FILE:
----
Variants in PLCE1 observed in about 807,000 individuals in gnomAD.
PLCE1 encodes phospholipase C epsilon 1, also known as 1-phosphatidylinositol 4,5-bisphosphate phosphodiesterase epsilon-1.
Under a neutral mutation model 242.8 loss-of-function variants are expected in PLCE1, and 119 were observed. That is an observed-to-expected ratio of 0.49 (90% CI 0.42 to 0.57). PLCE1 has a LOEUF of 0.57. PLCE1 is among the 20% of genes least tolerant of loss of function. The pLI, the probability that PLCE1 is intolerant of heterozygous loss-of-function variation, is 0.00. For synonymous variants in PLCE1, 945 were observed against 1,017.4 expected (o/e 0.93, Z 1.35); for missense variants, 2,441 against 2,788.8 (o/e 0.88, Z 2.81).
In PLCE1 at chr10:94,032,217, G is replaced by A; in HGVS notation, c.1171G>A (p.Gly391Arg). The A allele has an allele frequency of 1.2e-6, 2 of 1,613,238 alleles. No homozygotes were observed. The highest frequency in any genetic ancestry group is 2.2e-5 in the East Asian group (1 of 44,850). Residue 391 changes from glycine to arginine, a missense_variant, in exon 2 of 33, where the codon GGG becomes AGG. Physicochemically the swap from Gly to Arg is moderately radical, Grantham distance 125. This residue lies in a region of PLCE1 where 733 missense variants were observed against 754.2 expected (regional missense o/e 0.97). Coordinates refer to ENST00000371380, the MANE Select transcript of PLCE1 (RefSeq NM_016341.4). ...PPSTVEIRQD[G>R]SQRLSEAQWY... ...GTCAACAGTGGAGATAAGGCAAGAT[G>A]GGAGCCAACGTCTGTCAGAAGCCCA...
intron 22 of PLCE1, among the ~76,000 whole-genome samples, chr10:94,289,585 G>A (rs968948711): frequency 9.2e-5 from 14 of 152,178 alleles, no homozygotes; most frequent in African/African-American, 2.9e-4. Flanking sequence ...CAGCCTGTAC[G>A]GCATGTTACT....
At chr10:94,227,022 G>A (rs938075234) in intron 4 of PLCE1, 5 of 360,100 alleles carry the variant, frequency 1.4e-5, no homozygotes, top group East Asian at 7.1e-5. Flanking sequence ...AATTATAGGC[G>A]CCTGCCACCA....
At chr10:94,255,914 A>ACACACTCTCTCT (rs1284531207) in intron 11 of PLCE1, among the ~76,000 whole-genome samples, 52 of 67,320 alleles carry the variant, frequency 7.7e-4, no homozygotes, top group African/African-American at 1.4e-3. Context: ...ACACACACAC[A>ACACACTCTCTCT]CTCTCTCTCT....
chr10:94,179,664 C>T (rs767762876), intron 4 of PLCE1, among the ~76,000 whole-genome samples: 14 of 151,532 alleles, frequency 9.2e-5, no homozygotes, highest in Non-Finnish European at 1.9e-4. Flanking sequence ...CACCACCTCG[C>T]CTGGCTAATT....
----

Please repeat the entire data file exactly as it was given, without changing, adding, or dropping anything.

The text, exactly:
Variants in PLCE1 observed in about 807,000 individuals in gnomAD.
PLCE1 encodes phospholipase C epsilon 1, also known as 1-phosphatidylinositol 4,5-bisphosphate phosphodiesterase epsilon-1.
Under a neutral mutation model 242.8 loss-of-function variants are expected in PLCE1, and 119 were observed. That is an observed-to-expected ratio of 0.49 (90% CI 0.42 to 0.57). PLCE1 has a LOEUF of 0.57. PLCE1 is among the 20% of genes least tolerant of loss of function. The pLI, the probability that PLCE1 is intolerant of heterozygous loss-of-function variation, is 0.00. For synonymous variants in PLCE1, 945 were observed against 1,017.4 expected (o/e 0.93, Z 1.35); for missense variants, 2,441 against 2,788.8 (o/e 0.88, Z 2.81).
In PLCE1 at chr10:94,032,217, G is replaced by A; in HGVS notation, c.1171G>A (p.Gly391Arg). The A allele has an allele frequency of 1.2e-6, 2 of 1,613,238 alleles. No homozygotes were observed. The highest frequency in any genetic ancestry group is 2.2e-5 in the East Asian group (1 of 44,850). Residue 391 changes from glycine to arginine, a missense_variant, in exon 2 of 33, where the codon GGG becomes AGG. Physicochemically the swap from Gly to Arg is moderately radical, Grantham distance 125. This residue lies in a region of PLCE1 where 733 missense variants were observed against 754.2 expected (regional missense o/e 0.97). Coordinates refer to ENST00000371380, the MANE Select transcript of PLCE1 (RefSeq NM_016341.4). ...PPSTVEIRQD[G>R]SQRLSEAQWY... ...GTCAACAGTGGAGATAAGGCAAGAT[G>A]GGAGCCAACGTCTGTCAGAAGCCCA...
intron 22 of PLCE1, among the ~76,000 whole-genome samples, chr10:94,289,585 G>A (rs968948711): frequency 9.2e-5 from 14 of 152,178 alleles, no homozygotes; most frequent in African/African-American, 2.9e-4. Flanking sequence ...CAGCCTGTAC[G>A]GCATGTTACT....
At chr10:94,227,022 G>A (rs938075234) in intron 4 of PLCE1, 5 of 360,100 alleles carry the variant, frequency 1.4e-5, no homozygotes, top group East Asian at 7.1e-5. Flanking sequence ...AATTATAGGC[G>A]CCTGCCACCA....
At chr10:94,255,914 A>ACACACTCTCTCT (rs1284531207) in intron 11 of PLCE1, among the ~76,000 whole-genome samples, 52 of 67,320 alleles carry the variant, frequency 7.7e-4, no homozygotes, top group African/African-American at 1.4e-3. Context: ...ACACACACAC[A>ACACACTCTCTCT]CTCTCTCTCT....
chr10:94,179,664 C>T (rs767762876), intron 4 of PLCE1, among the ~76,000 whole-genome samples: 14 of 151,532 alleles, frequency 9.2e-5, no homozygotes, highest in Non-Finnish European at 1.9e-4. Flanking sequence ...CACCACCTCG[C>T]CTGGCTAATT....